Wayne Gretzky is considered the greatest hockey player of all time. When asked why he was such a great player, he replied, “I skate to where the puck is going to be.” We believe that investors are stuck where the puck is now. In fact, we theorize that most investors get stuck where the puck was before the last line change. We call this “rear-view mirror” investing. It is our opinion that understanding where we’ve been, where we are now and where we are going is important in common stock selection in 2015.
We think that to understand the stock-picking opportunity, you must understand a major force in the US economy going forward. There are 86 million Americans between 19 and 37 years of age. Yes, there are differences in each generation, but those who operate under the assumption that millennial age Americans won’t do anything similar to prior generations are fooling themselves, in our view. It doesn’t matter if only 60- 80% of them get married and have children, because 60-70 million people moving from single and childless to married with children is still a massive tsunami of Americans and will reconfigure U.S. consumer spending.
What brought these thoughts up was a set of statistics which relate to housing and have been dominating the news in late April of 2015. The first of these stats explained that the birthrate among 25-29 year olds was the lowest ever recorded in the U.S. In a spot called, “Baby bust! Millenials’ birth rate drop may signal historic shift,” writer Dan Mangan of CNBC wrote the following:
Birth rates among American women ages 20 to 29 years old hit historic lows in the year’s right before and after the Great Recession, according to a new report that raises the possibility that a major shift in the ages when women tend to have kids is on the horizon.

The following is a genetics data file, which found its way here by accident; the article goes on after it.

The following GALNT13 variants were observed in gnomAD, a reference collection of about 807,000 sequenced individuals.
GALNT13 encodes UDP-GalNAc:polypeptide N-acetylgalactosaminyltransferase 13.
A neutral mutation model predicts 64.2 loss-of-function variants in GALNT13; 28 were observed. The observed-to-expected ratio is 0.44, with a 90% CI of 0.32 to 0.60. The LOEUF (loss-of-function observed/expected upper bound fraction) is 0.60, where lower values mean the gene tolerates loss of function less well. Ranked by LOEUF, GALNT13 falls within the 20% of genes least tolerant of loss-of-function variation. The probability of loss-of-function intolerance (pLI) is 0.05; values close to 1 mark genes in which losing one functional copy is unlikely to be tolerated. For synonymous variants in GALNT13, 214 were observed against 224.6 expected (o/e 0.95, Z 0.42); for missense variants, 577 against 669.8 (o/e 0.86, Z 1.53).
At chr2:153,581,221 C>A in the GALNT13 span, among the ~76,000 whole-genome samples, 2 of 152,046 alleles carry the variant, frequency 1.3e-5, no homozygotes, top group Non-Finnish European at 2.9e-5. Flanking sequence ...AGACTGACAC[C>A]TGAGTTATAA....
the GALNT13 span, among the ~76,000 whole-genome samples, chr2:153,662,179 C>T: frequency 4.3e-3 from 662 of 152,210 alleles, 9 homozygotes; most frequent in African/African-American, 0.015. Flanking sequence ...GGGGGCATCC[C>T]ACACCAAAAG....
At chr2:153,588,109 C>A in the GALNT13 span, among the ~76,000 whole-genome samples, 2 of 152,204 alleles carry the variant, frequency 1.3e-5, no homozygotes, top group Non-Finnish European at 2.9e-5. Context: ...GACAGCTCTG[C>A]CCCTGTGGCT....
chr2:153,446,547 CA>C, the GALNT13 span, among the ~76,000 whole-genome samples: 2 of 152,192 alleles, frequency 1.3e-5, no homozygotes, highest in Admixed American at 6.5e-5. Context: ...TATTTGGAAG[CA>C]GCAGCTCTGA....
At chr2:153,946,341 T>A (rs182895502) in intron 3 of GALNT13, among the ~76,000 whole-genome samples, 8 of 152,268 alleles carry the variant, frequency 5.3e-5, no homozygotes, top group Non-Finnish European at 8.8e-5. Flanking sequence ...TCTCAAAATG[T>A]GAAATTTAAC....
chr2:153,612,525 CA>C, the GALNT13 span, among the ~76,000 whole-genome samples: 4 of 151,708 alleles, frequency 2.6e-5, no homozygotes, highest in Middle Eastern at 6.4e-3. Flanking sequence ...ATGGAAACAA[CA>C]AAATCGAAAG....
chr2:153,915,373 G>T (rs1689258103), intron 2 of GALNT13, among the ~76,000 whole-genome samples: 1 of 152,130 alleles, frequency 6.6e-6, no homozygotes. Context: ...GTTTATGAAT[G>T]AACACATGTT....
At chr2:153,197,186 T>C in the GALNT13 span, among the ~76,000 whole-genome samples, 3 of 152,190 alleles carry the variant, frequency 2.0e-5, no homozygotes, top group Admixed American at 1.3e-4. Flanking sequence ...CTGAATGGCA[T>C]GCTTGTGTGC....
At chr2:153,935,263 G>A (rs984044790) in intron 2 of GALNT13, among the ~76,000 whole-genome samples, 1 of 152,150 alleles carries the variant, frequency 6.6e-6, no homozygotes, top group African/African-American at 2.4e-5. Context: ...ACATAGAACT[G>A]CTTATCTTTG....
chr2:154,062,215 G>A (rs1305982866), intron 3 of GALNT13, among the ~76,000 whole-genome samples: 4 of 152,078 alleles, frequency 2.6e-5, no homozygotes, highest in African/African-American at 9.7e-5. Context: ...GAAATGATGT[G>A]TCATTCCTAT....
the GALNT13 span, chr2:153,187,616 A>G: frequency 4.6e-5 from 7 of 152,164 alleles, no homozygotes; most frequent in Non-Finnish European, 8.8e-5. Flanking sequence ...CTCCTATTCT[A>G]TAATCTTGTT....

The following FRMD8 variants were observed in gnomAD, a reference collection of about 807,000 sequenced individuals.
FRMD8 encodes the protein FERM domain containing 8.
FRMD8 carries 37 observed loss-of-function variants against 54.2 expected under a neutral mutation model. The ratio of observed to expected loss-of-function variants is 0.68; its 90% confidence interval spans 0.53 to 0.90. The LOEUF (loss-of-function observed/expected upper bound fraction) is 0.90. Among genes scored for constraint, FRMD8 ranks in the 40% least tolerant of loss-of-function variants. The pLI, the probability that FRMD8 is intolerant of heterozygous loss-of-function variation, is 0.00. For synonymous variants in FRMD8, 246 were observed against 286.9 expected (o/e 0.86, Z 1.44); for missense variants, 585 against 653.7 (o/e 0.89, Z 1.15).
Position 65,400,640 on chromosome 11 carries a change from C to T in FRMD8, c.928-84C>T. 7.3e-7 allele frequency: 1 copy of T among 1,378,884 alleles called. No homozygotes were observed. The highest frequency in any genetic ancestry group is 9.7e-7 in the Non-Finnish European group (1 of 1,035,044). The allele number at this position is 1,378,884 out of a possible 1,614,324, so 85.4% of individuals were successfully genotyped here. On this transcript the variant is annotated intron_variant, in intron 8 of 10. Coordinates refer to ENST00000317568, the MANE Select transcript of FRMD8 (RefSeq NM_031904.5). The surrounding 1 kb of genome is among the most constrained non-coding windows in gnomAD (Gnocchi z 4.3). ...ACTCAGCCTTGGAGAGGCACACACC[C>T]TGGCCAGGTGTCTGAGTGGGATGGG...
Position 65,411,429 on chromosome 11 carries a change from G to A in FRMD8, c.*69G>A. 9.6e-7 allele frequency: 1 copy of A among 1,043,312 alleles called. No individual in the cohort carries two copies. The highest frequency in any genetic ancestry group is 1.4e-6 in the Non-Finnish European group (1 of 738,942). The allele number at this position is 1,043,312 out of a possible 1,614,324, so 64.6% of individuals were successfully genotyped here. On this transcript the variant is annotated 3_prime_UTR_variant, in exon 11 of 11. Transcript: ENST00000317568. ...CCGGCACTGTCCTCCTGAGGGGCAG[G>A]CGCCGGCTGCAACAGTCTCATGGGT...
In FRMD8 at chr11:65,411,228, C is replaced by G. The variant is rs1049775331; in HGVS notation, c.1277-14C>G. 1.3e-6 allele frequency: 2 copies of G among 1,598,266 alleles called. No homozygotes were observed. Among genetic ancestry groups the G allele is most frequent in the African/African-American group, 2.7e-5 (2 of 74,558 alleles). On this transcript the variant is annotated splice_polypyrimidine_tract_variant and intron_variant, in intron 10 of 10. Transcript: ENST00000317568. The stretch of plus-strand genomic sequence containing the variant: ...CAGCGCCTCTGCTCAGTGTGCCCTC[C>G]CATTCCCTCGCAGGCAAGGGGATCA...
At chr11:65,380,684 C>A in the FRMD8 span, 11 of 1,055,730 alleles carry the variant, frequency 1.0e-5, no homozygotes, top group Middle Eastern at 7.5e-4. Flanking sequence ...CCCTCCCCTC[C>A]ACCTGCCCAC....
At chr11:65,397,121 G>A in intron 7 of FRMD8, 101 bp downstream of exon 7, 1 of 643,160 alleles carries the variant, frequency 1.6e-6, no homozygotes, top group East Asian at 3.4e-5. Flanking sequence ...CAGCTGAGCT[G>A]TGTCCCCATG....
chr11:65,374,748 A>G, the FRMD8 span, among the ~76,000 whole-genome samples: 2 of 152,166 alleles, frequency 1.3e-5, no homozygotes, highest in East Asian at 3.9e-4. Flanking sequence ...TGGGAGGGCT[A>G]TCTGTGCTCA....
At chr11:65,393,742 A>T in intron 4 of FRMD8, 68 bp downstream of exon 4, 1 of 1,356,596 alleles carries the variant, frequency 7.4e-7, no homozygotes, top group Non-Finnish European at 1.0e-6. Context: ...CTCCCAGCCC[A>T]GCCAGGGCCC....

The birth rates for women in their 20s saw a 15 percent drop from 2007 to 2012, the Urban Institute report released Tuesday found. The decrease contributed to falling birth rates for women overall, after more than three decades of relative stability.
Three things stick out from this report. First, it measures statistics from the beginning of the financial meltdown to three years ago. It is very much in the rear-view mirror. I don’t want to bore everyone with the full rundown on the historical information, but the data shows that every deep recession/depression has a severe affect on the formation of households and baby-making.
Second, the report makes no effort to connect these stats with the age of marriage in the U.S. In 1981, the average age of marriage was 23 and today it is 28. Most academic studies show children are better off if they are born into the family of a married couple. If people marry and have their first child after they get married, they are unlikely to make any dent in the 20-29 age group birth statistics.
Third, the report sows severe doubt in the minds of portfolio managers on whether our largest population group will marry, have children, buy cars which fit car seats and buy houses to fit their family. We’ve learned over many decades that investors don’t like to be lonely in their investment thesis on a company, but we do because—as Martha Davis and the Motels sang—“Only the Lonely Can Play.”
Since there are more people aged 22-35 as a percentage of total population in the history of the U.S., we should consider how much the aging process will change their spending pattern as they grow ten years older. The U.S. Bureau of Labor Statistics has looked at this in the past and the reported was called, “Spending Patterns By Age”:
As consumers age, both their level of spending and the way they allocate their spending changes. So called “life events” such as getting a first job, marriage, having children, and retirement can all have profound effects on spending patterns. This report provides a brief examination of how expenditures vary with age.